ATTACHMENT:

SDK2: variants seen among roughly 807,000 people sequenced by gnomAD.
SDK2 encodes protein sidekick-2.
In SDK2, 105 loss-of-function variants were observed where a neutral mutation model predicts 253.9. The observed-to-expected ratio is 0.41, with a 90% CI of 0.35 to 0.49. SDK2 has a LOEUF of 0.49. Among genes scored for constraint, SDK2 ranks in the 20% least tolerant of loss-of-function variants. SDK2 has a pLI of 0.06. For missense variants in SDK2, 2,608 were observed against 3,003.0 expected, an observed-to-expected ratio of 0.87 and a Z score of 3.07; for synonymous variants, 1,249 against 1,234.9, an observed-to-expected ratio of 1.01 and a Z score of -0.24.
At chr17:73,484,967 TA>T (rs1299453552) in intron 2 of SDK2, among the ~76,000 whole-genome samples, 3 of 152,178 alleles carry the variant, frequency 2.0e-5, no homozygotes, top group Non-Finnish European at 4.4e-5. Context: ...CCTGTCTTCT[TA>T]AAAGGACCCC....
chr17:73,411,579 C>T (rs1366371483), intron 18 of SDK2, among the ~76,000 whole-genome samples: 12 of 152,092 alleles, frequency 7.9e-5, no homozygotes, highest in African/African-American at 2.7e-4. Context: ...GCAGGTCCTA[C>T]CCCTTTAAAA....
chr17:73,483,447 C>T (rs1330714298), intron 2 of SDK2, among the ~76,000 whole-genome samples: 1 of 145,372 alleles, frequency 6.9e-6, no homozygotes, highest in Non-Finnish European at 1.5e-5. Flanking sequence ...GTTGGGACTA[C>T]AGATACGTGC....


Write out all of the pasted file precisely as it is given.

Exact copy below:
SDK2: variants seen among roughly 807,000 people sequenced by gnomAD.
SDK2 encodes protein sidekick-2.
In SDK2, 105 loss-of-function variants were observed where a neutral mutation model predicts 253.9. The observed-to-expected ratio is 0.41, with a 90% CI of 0.35 to 0.49. SDK2 has a LOEUF of 0.49. Among genes scored for constraint, SDK2 ranks in the 20% least tolerant of loss-of-function variants. SDK2 has a pLI of 0.06. For missense variants in SDK2, 2,608 were observed against 3,003.0 expected, an observed-to-expected ratio of 0.87 and a Z score of 3.07; for synonymous variants, 1,249 against 1,234.9, an observed-to-expected ratio of 1.01 and a Z score of -0.24.
At chr17:73,484,967 TA>T (rs1299453552) in intron 2 of SDK2, among the ~76,000 whole-genome samples, 3 of 152,178 alleles carry the variant, frequency 2.0e-5, no homozygotes, top group Non-Finnish European at 4.4e-5. Context: ...CCTGTCTTCT[TA>T]AAAGGACCCC....
chr17:73,411,579 C>T (rs1366371483), intron 18 of SDK2, among the ~76,000 whole-genome samples: 12 of 152,092 alleles, frequency 7.9e-5, no homozygotes, highest in African/African-American at 2.7e-4. Context: ...GCAGGTCCTA[C>T]CCCTTTAAAA....
chr17:73,483,447 C>T (rs1330714298), intron 2 of SDK2, among the ~76,000 whole-genome samples: 1 of 145,372 alleles, frequency 6.9e-6, no homozygotes, highest in Non-Finnish European at 1.5e-5. Flanking sequence ...GTTGGGACTA[C>T]AGATACGTGC....